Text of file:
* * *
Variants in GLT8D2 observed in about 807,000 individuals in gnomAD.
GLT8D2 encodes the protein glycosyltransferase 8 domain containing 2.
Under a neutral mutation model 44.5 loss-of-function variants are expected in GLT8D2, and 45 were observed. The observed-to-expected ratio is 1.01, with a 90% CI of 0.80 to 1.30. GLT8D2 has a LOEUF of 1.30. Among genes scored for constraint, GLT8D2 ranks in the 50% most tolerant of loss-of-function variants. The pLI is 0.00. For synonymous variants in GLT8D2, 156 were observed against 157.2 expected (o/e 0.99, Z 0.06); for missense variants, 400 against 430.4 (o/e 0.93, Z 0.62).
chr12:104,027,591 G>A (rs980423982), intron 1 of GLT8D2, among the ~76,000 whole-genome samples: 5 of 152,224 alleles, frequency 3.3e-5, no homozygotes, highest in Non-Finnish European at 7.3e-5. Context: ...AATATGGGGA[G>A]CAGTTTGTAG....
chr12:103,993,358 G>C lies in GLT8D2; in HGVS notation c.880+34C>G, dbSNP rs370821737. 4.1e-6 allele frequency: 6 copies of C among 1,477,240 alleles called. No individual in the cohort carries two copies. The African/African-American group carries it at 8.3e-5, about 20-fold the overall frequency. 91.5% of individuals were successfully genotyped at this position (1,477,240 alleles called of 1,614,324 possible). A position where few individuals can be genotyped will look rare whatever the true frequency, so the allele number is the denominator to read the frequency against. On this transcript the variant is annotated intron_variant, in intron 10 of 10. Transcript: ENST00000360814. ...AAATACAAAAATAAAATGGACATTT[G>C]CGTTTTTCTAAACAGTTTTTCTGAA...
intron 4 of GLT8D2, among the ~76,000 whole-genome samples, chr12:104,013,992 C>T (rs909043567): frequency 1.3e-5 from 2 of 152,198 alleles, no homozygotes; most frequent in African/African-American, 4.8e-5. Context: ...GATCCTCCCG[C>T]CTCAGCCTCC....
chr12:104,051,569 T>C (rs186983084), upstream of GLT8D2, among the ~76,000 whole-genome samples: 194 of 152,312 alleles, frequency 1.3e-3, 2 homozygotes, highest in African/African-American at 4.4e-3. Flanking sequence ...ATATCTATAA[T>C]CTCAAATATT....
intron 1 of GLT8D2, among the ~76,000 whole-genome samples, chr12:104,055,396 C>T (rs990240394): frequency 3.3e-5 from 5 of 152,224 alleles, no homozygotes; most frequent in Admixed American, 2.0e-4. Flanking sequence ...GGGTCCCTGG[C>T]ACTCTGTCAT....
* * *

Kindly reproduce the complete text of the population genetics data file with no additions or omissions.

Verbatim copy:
Variants in GLT8D2 observed in about 807,000 individuals in gnomAD.
GLT8D2 encodes the protein glycosyltransferase 8 domain containing 2.
Under a neutral mutation model 44.5 loss-of-function variants are expected in GLT8D2, and 45 were observed. The observed-to-expected ratio is 1.01, with a 90% CI of 0.80 to 1.30. GLT8D2 has a LOEUF of 1.30. Among genes scored for constraint, GLT8D2 ranks in the 50% most tolerant of loss-of-function variants. The pLI is 0.00. For synonymous variants in GLT8D2, 156 were observed against 157.2 expected (o/e 0.99, Z 0.06); for missense variants, 400 against 430.4 (o/e 0.93, Z 0.62).
chr12:104,027,591 G>A (rs980423982), intron 1 of GLT8D2, among the ~76,000 whole-genome samples: 5 of 152,224 alleles, frequency 3.3e-5, no homozygotes, highest in Non-Finnish European at 7.3e-5. Context: ...AATATGGGGA[G>A]CAGTTTGTAG....
chr12:103,993,358 G>C lies in GLT8D2; in HGVS notation c.880+34C>G, dbSNP rs370821737. 4.1e-6 allele frequency: 6 copies of C among 1,477,240 alleles called. No individual in the cohort carries two copies. The African/African-American group carries it at 8.3e-5, about 20-fold the overall frequency. 91.5% of individuals were successfully genotyped at this position (1,477,240 alleles called of 1,614,324 possible). A position where few individuals can be genotyped will look rare whatever the true frequency, so the allele number is the denominator to read the frequency against. On this transcript the variant is annotated intron_variant, in intron 10 of 10. Transcript: ENST00000360814. ...AAATACAAAAATAAAATGGACATTT[G>C]CGTTTTTCTAAACAGTTTTTCTGAA...
intron 4 of GLT8D2, among the ~76,000 whole-genome samples, chr12:104,013,992 C>T (rs909043567): frequency 1.3e-5 from 2 of 152,198 alleles, no homozygotes; most frequent in African/African-American, 4.8e-5. Context: ...GATCCTCCCG[C>T]CTCAGCCTCC....
chr12:104,051,569 T>C (rs186983084), upstream of GLT8D2, among the ~76,000 whole-genome samples: 194 of 152,312 alleles, frequency 1.3e-3, 2 homozygotes, highest in African/African-American at 4.4e-3. Flanking sequence ...ATATCTATAA[T>C]CTCAAATATT....
intron 1 of GLT8D2, among the ~76,000 whole-genome samples, chr12:104,055,396 C>T (rs990240394): frequency 3.3e-5 from 5 of 152,224 alleles, no homozygotes; most frequent in Admixed American, 2.0e-4. Flanking sequence ...GGGTCCCTGG[C>T]ACTCTGTCAT....